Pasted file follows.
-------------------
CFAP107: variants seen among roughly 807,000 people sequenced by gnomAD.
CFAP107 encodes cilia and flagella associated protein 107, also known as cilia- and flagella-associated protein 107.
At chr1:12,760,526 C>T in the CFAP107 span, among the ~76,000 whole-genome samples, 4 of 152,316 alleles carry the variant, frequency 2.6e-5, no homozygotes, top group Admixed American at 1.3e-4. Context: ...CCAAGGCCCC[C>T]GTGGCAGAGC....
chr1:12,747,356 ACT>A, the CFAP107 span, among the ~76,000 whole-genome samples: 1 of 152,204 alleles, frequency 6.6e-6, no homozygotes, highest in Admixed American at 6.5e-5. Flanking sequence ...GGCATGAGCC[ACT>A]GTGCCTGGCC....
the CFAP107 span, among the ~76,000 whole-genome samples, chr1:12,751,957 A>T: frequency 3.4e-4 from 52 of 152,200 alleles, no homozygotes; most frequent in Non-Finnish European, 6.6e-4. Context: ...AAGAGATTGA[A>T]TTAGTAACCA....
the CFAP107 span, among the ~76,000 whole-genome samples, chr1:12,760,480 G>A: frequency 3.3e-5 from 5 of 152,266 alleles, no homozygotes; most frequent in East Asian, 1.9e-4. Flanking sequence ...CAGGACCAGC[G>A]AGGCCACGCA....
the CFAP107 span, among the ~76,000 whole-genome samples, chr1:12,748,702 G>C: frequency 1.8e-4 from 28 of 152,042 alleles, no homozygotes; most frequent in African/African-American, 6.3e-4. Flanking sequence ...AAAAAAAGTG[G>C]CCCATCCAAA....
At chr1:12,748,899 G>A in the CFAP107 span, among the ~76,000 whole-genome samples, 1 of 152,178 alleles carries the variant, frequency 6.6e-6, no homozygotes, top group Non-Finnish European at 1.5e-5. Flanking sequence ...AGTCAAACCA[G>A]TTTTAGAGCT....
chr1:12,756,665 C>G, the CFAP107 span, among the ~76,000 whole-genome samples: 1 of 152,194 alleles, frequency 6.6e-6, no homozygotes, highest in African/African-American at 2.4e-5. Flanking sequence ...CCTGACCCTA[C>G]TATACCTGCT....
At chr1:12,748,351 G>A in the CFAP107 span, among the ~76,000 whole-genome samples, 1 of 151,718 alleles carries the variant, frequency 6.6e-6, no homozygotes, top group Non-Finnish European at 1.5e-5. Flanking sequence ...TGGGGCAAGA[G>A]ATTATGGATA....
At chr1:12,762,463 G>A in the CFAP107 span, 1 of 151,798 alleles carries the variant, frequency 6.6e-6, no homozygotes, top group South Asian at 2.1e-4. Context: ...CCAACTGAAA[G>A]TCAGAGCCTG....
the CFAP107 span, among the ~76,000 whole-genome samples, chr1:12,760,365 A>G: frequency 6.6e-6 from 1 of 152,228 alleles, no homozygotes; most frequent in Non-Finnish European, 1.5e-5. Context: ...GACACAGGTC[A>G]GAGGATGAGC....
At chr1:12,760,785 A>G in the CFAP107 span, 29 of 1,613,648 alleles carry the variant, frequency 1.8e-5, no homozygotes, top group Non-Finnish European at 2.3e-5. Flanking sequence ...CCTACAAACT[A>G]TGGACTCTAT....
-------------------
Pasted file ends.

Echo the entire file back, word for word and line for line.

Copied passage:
CFAP107: variants seen among roughly 807,000 people sequenced by gnomAD.
CFAP107 encodes cilia and flagella associated protein 107, also known as cilia- and flagella-associated protein 107.
At chr1:12,760,526 C>T in the CFAP107 span, among the ~76,000 whole-genome samples, 4 of 152,316 alleles carry the variant, frequency 2.6e-5, no homozygotes, top group Admixed American at 1.3e-4. Context: ...CCAAGGCCCC[C>T]GTGGCAGAGC....
chr1:12,747,356 ACT>A, the CFAP107 span, among the ~76,000 whole-genome samples: 1 of 152,204 alleles, frequency 6.6e-6, no homozygotes, highest in Admixed American at 6.5e-5. Flanking sequence ...GGCATGAGCC[ACT>A]GTGCCTGGCC....
the CFAP107 span, among the ~76,000 whole-genome samples, chr1:12,751,957 A>T: frequency 3.4e-4 from 52 of 152,200 alleles, no homozygotes; most frequent in Non-Finnish European, 6.6e-4. Context: ...AAGAGATTGA[A>T]TTAGTAACCA....
the CFAP107 span, among the ~76,000 whole-genome samples, chr1:12,760,480 G>A: frequency 3.3e-5 from 5 of 152,266 alleles, no homozygotes; most frequent in East Asian, 1.9e-4. Flanking sequence ...CAGGACCAGC[G>A]AGGCCACGCA....
the CFAP107 span, among the ~76,000 whole-genome samples, chr1:12,748,702 G>C: frequency 1.8e-4 from 28 of 152,042 alleles, no homozygotes; most frequent in African/African-American, 6.3e-4. Flanking sequence ...AAAAAAAGTG[G>C]CCCATCCAAA....
At chr1:12,748,899 G>A in the CFAP107 span, among the ~76,000 whole-genome samples, 1 of 152,178 alleles carries the variant, frequency 6.6e-6, no homozygotes, top group Non-Finnish European at 1.5e-5. Flanking sequence ...AGTCAAACCA[G>A]TTTTAGAGCT....
chr1:12,756,665 C>G, the CFAP107 span, among the ~76,000 whole-genome samples: 1 of 152,194 alleles, frequency 6.6e-6, no homozygotes, highest in African/African-American at 2.4e-5. Flanking sequence ...CCTGACCCTA[C>G]TATACCTGCT....
At chr1:12,748,351 G>A in the CFAP107 span, among the ~76,000 whole-genome samples, 1 of 151,718 alleles carries the variant, frequency 6.6e-6, no homozygotes, top group Non-Finnish European at 1.5e-5. Flanking sequence ...TGGGGCAAGA[G>A]ATTATGGATA....
At chr1:12,762,463 G>A in the CFAP107 span, 1 of 151,798 alleles carries the variant, frequency 6.6e-6, no homozygotes, top group South Asian at 2.1e-4. Context: ...CCAACTGAAA[G>A]TCAGAGCCTG....
the CFAP107 span, among the ~76,000 whole-genome samples, chr1:12,760,365 A>G: frequency 6.6e-6 from 1 of 152,228 alleles, no homozygotes; most frequent in Non-Finnish European, 1.5e-5. Context: ...GACACAGGTC[A>G]GAGGATGAGC....
At chr1:12,760,785 A>G in the CFAP107 span, 29 of 1,613,648 alleles carry the variant, frequency 1.8e-5, no homozygotes, top group Non-Finnish European at 2.3e-5. Flanking sequence ...CCTACAAACT[A>G]TGGACTCTAT....